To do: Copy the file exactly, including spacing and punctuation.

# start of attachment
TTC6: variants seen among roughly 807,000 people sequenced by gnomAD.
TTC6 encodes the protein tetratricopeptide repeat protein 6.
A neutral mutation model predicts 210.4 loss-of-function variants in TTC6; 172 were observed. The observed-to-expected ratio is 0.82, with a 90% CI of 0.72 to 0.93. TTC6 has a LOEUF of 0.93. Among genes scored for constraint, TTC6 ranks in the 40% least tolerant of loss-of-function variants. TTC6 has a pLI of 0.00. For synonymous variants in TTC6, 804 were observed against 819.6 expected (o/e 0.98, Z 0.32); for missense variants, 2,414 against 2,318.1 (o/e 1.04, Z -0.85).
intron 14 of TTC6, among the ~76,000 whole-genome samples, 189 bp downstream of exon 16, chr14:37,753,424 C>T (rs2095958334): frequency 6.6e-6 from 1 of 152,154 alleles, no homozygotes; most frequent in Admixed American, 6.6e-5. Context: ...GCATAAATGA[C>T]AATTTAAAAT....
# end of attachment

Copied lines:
TTC6: variants seen among roughly 807,000 people sequenced by gnomAD.
TTC6 encodes the protein tetratricopeptide repeat protein 6.
A neutral mutation model predicts 210.4 loss-of-function variants in TTC6; 172 were observed. The observed-to-expected ratio is 0.82, with a 90% CI of 0.72 to 0.93. TTC6 has a LOEUF of 0.93. Among genes scored for constraint, TTC6 ranks in the 40% least tolerant of loss-of-function variants. TTC6 has a pLI of 0.00. For synonymous variants in TTC6, 804 were observed against 819.6 expected (o/e 0.98, Z 0.32); for missense variants, 2,414 against 2,318.1 (o/e 1.04, Z -0.85).
intron 14 of TTC6, among the ~76,000 whole-genome samples, 189 bp downstream of exon 16, chr14:37,753,424 C>T (rs2095958334): frequency 6.6e-6 from 1 of 152,154 alleles, no homozygotes; most frequent in Admixed American, 6.6e-5. Context: ...GCATAAATGA[C>T]AATTTAAAAT....